World

Ecological pair row across Atlantic

Two Canadian ecologists and adventurers have rowed across the Atlantic Ocean, beating a major water barrier in an effort to go around the world under human power.

Two Canadian ecologists and adventurers have rowed across the Atlantic Ocean, beating a major water barrier in an effort to travel the world under human power.

Colin Angus and fiancee Julie Wafaei reached St. Lucia in the Caribbean 121 days after leaving Lisbon, and 20 months after Angus and then expedition partner Tim Harvey left Vancouver.

Angus and Harvey travelled together by bike to Alaska, then rowed across the Bering Sea and skied, biked and hiked through Siberia to Moscow. The men split up there, but Wafaei joined Angus, and the couple biked to Lisbon.

On Sept. 22, they left the Portuguese capital in a small, overloaded rowboat dubbed Ondine.

"After 121 days at sea, sighting land was both terrifying and exhilarating," they said on their website.

Although Ondine is seaworthy on the open ocean, approaching a rocky shore in a seven-metre, plywood boat is risky.

And the conditions were awful, with waves of nearly four metres and 40-knot winds, as they neared the island.

"One intense wave hit the boat with such force that it almost capsized. Colin flew off his rowing seat, grabbing the safety line to stay in the boat," the couple said. "The carbon-fibre oar splintered like a matchstick. Contents inside the boat flew out of their holds and joined Julie as she slammed into the port side of the cabin. "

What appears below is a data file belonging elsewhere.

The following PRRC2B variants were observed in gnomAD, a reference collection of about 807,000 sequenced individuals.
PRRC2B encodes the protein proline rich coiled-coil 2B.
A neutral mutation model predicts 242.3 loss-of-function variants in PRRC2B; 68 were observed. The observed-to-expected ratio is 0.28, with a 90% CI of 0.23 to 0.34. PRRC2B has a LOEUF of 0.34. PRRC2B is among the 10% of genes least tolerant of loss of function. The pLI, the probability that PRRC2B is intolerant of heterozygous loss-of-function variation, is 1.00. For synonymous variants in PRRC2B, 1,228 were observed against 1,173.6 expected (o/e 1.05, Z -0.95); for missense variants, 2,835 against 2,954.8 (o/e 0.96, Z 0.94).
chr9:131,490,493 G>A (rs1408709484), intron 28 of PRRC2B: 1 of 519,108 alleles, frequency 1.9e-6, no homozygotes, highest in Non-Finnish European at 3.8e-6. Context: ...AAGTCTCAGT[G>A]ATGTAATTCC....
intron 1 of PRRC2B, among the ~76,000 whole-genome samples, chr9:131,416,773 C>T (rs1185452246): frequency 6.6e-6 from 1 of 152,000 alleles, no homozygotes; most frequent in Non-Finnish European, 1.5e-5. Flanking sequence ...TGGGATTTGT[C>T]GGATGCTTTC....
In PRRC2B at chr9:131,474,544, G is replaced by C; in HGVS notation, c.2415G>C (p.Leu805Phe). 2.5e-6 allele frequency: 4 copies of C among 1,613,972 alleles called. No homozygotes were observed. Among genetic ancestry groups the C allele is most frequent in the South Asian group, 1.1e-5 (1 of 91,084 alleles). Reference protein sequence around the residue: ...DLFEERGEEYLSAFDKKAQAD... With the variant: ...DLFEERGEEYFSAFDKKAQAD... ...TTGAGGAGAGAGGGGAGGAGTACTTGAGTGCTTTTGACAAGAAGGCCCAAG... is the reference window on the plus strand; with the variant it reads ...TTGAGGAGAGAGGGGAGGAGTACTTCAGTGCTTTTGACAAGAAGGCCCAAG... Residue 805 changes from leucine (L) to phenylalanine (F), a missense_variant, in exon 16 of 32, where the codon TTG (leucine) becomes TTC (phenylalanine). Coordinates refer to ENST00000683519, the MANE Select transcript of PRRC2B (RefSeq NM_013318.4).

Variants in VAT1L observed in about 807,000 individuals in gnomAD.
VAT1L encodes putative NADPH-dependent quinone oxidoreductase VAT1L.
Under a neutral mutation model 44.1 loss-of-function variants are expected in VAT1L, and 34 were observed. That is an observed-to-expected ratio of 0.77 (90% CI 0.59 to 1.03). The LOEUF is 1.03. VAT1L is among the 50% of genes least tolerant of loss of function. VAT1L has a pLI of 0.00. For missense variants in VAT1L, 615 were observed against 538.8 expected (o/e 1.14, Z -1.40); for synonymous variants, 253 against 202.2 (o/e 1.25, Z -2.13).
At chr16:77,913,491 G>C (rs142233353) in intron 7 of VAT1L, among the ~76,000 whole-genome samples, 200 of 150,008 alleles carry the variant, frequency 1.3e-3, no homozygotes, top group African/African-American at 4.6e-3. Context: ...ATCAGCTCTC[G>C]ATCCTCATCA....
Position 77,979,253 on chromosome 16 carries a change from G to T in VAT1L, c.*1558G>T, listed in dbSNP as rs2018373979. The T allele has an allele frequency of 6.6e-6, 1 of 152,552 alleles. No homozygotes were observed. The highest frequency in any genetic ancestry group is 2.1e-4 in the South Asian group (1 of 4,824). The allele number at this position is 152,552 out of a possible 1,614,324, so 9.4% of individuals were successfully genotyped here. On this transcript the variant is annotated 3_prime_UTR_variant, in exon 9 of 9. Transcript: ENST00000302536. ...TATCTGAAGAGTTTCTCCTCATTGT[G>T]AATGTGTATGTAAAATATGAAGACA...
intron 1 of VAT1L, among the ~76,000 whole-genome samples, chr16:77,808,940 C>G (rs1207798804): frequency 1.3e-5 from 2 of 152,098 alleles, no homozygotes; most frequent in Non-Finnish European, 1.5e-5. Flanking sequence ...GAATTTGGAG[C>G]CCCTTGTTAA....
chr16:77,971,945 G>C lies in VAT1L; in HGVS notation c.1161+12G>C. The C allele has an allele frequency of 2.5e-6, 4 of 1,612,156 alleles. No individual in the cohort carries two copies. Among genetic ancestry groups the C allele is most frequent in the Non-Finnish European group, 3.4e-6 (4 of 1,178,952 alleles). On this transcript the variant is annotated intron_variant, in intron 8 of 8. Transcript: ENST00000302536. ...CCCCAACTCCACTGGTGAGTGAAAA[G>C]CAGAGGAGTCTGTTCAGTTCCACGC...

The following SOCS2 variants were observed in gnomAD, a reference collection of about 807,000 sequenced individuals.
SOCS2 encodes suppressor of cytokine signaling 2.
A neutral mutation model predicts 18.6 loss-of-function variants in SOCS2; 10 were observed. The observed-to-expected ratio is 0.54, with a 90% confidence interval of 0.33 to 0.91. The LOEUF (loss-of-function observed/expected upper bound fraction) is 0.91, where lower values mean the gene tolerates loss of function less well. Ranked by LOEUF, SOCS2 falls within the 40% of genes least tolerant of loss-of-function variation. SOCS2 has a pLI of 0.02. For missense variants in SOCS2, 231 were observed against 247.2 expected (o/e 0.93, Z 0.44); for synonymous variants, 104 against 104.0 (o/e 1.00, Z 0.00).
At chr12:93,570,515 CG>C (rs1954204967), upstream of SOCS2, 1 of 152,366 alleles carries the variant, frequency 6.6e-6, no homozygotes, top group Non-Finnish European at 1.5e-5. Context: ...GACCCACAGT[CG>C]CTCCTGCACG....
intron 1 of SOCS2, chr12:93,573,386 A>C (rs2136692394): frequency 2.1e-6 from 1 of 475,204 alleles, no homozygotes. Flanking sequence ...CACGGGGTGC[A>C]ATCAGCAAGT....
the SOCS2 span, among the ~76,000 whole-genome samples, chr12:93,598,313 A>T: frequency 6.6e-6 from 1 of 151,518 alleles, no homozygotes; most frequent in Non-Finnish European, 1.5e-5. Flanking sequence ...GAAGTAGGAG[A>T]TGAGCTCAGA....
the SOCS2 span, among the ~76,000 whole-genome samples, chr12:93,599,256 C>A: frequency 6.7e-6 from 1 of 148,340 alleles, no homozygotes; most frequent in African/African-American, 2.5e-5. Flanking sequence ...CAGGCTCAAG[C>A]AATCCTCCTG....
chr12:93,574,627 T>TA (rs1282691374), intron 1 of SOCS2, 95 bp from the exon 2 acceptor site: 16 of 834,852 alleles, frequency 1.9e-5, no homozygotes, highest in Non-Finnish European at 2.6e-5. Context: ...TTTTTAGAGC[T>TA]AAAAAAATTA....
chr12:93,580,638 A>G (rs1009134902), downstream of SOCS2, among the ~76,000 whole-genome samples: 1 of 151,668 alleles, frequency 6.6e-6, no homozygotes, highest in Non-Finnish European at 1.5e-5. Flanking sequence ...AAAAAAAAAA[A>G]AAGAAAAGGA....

The travellers had endured two hurricanes, but "this is the closest they came to capsizing and the first time one of the almost indestructible oars was damaged."

Despite the dangers, "their yearning for fresh fruits and ice cream won out."

The team is using human-powered travel to highlight global warming and inspire others to use non-motorized transportation.

"If we can propel ourselves around the world, will you propel yourself to work or school?" the website asks.

They will next leave for Costa Rica, a 2,500-kilometre row, and bike the final 7,500 kilometres back to Vancouver.

They expect to arrive home in May.

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